If You Can’t Be Good, Be Good at It! demonstrates that Kolassa has nothing to worry about: he’s both a good musician and songwriter and good at it, too! The songs on the album display his passion for the blues, illustrate the breadth of his musical range, and prove that any time is a good time for a Mick Kolassa album.

~ Henry L. Carrigan Jr.
Living Blues
January 2020, Issue#270

Reflections In Blue

Mick Kolassa is, without question, one of the finest songwriters in the business. He is also a fine guitarist, with a voice that suggests years of marinating his vocal cords in bourbon and fine cigars. His latest release, If You Can’t Be Good, Be Good At It, is powerful, soulful, poignant, and decidedly blues. With the exception of two well-chosen covers, he has written all of the tunes on the album…  MORE >>

Jazz Weekly

I love those blindfold tests when the listener is asked if the artist is black or white. Mick Kolassa, who plays guitar and sings, would have stumped me. He sounds like he came out of a STAX session of the 60s with a rough and tumble voice, particularly when teamed with the horns of Marc Franklin/tp and Kirk Smothers/ts on the funky “I Can’t Help Myself”, the blues jumping “We Gotta” and boogaloo-ing “Sweet Tea”. John Blackmon supplies a 60s drum… MORE >>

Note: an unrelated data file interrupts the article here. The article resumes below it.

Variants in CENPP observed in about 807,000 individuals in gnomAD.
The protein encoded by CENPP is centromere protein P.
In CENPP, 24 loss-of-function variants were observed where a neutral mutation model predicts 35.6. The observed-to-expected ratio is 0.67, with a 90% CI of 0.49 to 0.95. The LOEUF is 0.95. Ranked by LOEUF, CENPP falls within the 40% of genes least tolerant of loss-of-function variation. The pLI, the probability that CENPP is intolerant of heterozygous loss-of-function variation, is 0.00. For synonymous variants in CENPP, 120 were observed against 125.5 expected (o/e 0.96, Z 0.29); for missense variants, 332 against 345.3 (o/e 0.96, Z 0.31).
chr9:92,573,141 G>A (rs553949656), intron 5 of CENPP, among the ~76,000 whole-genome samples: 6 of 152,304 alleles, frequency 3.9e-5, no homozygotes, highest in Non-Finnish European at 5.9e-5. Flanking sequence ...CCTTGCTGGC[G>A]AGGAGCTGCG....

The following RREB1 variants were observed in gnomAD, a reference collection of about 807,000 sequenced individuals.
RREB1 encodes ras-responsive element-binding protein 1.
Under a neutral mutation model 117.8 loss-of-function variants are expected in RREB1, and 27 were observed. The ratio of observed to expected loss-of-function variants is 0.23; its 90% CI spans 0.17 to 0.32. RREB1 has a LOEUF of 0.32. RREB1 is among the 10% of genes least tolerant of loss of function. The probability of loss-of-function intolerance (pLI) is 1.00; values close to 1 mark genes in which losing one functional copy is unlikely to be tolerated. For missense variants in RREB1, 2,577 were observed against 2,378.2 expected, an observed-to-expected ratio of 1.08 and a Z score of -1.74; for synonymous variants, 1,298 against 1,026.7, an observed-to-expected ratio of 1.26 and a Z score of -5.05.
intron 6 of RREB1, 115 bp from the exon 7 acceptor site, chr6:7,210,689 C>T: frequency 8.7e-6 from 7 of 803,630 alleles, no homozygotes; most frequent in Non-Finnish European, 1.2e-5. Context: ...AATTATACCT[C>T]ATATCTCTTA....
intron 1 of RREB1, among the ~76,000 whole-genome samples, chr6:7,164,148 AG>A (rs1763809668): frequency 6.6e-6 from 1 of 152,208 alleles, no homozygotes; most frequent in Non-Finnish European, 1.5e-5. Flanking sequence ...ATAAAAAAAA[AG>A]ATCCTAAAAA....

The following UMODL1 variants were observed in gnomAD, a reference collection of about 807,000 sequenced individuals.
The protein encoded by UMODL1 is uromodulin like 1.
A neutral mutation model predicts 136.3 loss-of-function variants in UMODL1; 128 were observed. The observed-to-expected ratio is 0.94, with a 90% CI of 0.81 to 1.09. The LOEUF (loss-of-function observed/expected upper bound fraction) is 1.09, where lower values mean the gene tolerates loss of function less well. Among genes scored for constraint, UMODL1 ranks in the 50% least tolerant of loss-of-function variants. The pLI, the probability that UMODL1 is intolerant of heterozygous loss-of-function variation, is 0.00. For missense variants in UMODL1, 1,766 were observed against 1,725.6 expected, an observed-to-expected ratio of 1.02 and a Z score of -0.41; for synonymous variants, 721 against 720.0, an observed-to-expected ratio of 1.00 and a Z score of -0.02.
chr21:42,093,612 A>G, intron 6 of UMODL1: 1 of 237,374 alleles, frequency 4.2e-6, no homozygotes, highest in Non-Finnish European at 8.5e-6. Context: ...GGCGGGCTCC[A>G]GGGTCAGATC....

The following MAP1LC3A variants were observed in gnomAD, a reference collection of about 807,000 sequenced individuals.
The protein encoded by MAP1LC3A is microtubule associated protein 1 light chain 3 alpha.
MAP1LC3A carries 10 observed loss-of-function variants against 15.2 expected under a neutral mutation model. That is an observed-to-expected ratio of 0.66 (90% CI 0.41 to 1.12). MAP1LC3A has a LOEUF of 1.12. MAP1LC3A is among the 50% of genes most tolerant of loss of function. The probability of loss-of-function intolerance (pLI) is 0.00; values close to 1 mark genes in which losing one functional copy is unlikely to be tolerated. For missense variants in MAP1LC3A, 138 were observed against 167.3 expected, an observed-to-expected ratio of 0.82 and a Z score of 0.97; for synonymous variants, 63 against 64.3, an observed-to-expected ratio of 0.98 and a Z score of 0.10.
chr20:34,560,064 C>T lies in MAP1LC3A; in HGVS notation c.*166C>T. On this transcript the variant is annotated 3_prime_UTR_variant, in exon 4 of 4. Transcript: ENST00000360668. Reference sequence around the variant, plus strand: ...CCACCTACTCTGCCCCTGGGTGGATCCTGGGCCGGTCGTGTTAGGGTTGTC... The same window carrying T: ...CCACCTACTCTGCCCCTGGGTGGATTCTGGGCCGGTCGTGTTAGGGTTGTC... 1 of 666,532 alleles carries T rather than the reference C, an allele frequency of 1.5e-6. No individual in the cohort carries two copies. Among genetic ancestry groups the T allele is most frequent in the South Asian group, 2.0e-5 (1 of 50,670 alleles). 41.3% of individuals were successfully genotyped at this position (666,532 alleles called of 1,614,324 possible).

The Rock Doctor *****

If You Can’t Be Good was recorded in the middle of the pandemic- doing an album that sounds this together is no easy feat.  Mick and Jensen gathered some musical friends from Memphis and surrounding areas and the results I daresay are pure magic… a blues album for today that also carries a sense of blues history with it… MORE >>


If You Can’t Be Good, Be Good At It – NEW CD!

October 15, 2020 Release

Mick Kolassa and Jeff Jensen have teamed up again to produce Mick’s best album yet! Together they have assembled a heaping helping of Mick’ Free Range Blues. Recording this album in the middle of the Covid-19 pandemic was a challenge, but the guys pulled it off! Bringing together a group of musical friends, a group that only Memphis and the surrounding areas can provide, they’ve assembled a diverse collection of songs that are sure to please.

The album opens with “I Can’t Help Myself”, an R&B love song that is Memphis through and through. That’s followed by Mick’s “uncover” of James Taylor’s “Lo and Behold”, which starts out with angels singing then brings down fire and brimstone! The third track is the album’s title track: “If You Can’t Be Good, Be Good At It”, a phrase Mick often uses at the end of a conversation – inspiration comes from many places.